WASHINGTON — A May 31 static fire test of the new first stage of Orbital ATK’s Antares launch vehicle should clear the way for that rocket to return to flight in early July.
An Antares first stage, held down on the pad at the Mid-Atlantic Regional Spaceport on Wallops Island, Virginia, fired for 30 seconds at 5:30 p.m. Eastern May 31. The test was designed to verify the performance of the rocket’s RD-181 engines and associated systems, as well as the pad itself.
In a statement, Orbital ATK said that engineers would spend the next several days reviewing the data from the test before declaring the test a success. However, company officials indicated that the test did go as expected.
“Early indications show the upgraded propulsion system, core stage and launch complex all worked together as planned,” said Mike Pinkston, the general manager and vice president of the Antares program at Orbital ATK, in a statement, adding that it “appears to be a successful test.”
Should that ongoing analysis confirm that the test was a success, which may take up to two weeks, Orbital ATK expects to move ahead with plans for the launch of a Cygnus cargo mission to the International Space Station on an Antares. That mission, designated OA-5, would likely launch in early July, although no official launch date has been announced.
The launch will be the first for the upgraded version of the Antares, and the first since an October 2014 failure. That accident was linked to the vehicle’s original AJ26 engines, refurbished Soviet-era NK-33 engines supplied by Aerojet Rocketdyne. Orbital announced shortly after the accident it would discontinue use of the AJ26 engines, selecting RD-181 engines provided by Russian company NPO Energomash.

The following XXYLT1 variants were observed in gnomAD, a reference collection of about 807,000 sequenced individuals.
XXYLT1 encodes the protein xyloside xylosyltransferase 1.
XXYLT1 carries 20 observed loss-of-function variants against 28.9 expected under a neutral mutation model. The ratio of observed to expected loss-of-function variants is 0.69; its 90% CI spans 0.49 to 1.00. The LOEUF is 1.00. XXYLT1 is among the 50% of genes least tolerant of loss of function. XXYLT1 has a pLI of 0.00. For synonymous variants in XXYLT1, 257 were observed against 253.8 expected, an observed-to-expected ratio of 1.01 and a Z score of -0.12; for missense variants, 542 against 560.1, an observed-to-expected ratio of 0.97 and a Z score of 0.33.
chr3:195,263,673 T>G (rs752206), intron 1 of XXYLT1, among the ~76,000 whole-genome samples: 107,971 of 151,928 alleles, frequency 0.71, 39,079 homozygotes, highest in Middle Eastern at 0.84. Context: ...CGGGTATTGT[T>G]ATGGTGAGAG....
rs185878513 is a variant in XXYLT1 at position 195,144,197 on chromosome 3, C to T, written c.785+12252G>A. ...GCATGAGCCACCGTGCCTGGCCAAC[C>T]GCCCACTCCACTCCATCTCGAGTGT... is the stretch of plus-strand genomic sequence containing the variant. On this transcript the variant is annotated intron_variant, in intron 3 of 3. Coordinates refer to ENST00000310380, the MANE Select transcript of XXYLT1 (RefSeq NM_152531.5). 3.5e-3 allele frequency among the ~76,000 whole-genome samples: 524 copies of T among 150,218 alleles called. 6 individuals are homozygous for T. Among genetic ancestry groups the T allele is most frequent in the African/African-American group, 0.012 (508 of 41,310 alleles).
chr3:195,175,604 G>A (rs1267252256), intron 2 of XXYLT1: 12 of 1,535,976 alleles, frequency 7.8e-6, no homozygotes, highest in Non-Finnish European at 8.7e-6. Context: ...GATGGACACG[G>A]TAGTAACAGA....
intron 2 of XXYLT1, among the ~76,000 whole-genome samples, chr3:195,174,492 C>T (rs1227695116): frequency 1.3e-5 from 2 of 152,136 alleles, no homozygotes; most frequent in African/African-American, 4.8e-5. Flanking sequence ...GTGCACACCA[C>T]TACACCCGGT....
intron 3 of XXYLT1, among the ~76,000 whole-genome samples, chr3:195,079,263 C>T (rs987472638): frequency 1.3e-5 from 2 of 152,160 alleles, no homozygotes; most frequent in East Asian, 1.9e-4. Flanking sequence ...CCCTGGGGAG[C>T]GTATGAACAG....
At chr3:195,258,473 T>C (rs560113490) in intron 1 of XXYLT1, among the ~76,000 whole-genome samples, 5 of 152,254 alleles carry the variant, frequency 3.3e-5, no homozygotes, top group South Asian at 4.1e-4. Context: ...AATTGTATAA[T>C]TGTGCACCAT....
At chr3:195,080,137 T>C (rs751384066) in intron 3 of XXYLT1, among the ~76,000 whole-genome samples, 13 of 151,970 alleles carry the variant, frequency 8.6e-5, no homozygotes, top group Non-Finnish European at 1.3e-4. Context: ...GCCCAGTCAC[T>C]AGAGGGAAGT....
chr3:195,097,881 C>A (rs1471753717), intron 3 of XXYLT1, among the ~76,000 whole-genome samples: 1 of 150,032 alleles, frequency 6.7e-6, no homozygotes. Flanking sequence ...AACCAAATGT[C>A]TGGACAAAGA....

Orbital ATK noted that each newly-manufactured RD-181 goes through extensive acceptance testing. In addition, one engine went through seven test firings, accumulating 1,650 seconds of run time before being inspected. “The successful stage test, along with the extensive testing of each new RD-181, gives us further confidence in the first stage propulsion and in moving forward to launch,” Pinkston said in the statement.
The first stage tested on the pad will not be flown on the July flight, but will instead be inspected and reconditioned for another Cygnus launch to the ISS, designated OA-7, scheduled for the fall. Orbital ATK said the Antares that will launch the OA-5 mission in July is in the final stages of integration and testing at Wallops.